AT&T To Bring 300Mbps Fiber To Austin
Gabriel Roşu / 7 years ago
Austin, Texas seems to be the new place to be if you are interested in a blazing fast Internet connection as AT&T has announced plans to deploy fiber in the city that will ultimately provide speeds of up to 1 gigabit per second.
Known as GigaPower, the service will be an extension of AT&T’s existing U-verse program. At launch, it will be limited to 300 Mbps on the upstream and downstream which is said to be the fastest available to consumers from any Austin broadband provider.
GigaPower will initially reach tens of thousands of customers throughout Austin and the surrounding areas later this year. Those that sign up for the 300 Mbps service will be upgraded to speeds up to 1 gigabit per second at no extra cost when it becomes available in mid-2014.
Dave Nichols, President of AT&T Texas, said Austin embodies innovation and social consciousness and is the heart of a vibrant, ever-evolving tech culture and entrepreneurial spirit. With their all-fiber U-verse services, they are building the foundation for a new wave of innovation for Austin’s consumers, businesses and civic and educational institutions, he said.
Google Fiber is already available in Kansas City, and Google is now running ads for the service in Provo, Utah, where it will launch in mid-October. The service has generated a lot of buzz, and AT&T is hoping that it can overcome some of this in Austin by coming out first.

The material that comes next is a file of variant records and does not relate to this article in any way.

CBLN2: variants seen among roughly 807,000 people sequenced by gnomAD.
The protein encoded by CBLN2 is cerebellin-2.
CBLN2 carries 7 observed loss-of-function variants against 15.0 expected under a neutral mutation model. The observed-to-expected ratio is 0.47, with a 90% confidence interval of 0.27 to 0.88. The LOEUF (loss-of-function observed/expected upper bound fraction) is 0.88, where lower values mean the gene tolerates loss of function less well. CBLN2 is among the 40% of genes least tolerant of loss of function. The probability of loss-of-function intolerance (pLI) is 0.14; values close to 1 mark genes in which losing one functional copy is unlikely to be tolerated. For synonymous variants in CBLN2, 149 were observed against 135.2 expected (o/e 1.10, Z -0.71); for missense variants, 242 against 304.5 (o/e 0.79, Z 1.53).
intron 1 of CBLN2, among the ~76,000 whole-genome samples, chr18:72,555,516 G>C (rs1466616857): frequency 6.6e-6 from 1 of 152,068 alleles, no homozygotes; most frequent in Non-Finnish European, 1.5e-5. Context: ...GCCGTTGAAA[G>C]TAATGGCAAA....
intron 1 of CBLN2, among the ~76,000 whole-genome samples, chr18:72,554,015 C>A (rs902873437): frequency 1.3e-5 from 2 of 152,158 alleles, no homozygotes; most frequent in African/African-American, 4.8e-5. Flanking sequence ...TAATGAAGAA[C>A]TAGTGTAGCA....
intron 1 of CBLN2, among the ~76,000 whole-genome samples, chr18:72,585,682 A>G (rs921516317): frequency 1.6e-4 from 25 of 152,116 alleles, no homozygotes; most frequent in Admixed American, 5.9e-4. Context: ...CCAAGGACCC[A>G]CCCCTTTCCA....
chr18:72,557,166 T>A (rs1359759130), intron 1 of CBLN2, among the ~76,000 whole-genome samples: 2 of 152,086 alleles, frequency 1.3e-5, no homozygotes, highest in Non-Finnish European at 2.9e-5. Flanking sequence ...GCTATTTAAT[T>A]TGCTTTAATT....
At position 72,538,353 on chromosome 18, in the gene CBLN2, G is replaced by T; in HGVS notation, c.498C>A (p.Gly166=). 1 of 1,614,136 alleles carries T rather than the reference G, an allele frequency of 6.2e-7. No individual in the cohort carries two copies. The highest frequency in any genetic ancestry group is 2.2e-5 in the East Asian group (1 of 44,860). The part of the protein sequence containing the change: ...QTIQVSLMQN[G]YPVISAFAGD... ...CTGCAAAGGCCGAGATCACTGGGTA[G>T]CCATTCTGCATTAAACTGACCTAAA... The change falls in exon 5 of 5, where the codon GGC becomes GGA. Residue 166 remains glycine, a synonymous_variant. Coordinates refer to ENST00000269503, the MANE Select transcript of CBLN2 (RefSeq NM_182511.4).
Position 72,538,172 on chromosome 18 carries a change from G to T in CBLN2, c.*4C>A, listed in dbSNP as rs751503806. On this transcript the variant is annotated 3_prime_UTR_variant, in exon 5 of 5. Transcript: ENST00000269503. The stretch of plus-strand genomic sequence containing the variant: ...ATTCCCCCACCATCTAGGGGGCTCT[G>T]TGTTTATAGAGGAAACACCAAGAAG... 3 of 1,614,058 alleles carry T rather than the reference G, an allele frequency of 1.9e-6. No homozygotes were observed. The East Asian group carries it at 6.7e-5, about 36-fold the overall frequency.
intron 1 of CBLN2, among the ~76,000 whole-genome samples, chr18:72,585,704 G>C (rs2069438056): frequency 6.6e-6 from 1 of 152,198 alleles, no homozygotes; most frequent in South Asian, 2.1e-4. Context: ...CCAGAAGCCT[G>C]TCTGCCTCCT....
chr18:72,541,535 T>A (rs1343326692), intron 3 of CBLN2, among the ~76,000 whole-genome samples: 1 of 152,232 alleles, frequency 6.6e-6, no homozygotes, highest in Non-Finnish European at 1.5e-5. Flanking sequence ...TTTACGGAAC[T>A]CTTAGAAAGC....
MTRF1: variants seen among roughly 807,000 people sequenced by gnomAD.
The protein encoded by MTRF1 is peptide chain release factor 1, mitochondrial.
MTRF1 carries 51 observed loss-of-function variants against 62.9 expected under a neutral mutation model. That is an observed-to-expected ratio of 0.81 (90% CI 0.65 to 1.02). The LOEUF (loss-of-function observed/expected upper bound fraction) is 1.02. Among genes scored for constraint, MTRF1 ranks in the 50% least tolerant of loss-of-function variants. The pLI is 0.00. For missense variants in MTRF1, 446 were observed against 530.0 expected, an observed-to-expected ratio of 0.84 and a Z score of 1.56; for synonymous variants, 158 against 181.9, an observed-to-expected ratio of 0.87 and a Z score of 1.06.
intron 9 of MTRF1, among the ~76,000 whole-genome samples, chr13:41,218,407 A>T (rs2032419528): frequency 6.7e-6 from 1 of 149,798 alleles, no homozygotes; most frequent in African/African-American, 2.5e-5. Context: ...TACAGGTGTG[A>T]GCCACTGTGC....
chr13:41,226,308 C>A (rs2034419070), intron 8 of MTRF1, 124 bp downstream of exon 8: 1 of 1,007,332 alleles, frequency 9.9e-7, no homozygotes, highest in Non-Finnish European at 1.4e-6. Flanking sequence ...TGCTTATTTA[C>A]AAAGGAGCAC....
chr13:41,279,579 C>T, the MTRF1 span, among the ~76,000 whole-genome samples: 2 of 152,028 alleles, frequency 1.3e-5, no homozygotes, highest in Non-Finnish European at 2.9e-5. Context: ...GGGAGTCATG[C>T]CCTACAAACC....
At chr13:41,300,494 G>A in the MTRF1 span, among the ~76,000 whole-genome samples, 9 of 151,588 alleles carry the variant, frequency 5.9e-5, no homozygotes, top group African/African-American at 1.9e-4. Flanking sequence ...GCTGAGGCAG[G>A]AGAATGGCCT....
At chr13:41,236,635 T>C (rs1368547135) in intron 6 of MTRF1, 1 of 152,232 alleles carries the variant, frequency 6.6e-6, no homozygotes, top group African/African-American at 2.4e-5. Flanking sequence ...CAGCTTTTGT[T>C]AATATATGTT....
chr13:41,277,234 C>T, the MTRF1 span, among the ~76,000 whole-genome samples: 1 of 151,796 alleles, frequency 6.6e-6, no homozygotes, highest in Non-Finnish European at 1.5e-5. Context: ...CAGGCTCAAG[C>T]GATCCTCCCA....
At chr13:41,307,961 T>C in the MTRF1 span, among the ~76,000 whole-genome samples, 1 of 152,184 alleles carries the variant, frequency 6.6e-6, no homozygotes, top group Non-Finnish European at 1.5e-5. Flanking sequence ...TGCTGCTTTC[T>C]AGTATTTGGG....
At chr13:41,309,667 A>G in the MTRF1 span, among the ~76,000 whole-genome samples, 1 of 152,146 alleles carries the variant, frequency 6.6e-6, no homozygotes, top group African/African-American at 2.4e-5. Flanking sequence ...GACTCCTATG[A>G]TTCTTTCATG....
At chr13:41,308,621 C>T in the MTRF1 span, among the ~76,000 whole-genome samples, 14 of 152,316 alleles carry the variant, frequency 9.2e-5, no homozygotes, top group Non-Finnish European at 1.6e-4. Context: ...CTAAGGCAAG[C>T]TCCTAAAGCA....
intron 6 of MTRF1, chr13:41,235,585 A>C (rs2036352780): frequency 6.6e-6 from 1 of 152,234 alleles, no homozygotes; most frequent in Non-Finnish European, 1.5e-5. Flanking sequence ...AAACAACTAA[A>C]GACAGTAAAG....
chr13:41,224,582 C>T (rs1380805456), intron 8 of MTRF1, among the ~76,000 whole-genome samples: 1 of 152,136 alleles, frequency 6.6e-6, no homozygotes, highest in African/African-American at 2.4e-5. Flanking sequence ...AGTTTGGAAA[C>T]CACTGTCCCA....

The fee for Google Fiber is $70 per month for Internet service and $120 per month with a TV bundle. For comparison, Verizon’s 500 megabit-per-second service is only available for homes in a phone and TV package for $309.99 per month.
Google may have an advantage with Fiber by starting from scratch and installing a brand new fiber optic network. This allows all Fiber customers to experience the same speeds. AT&T will instead by tapping into an existing network of fiber optics and copper lines, meaning that not everyone will get the same speed.
AT&T said this is just the start of its super high-speed services, but did not state where it plans to go next.
Image courtesy of IBTimes.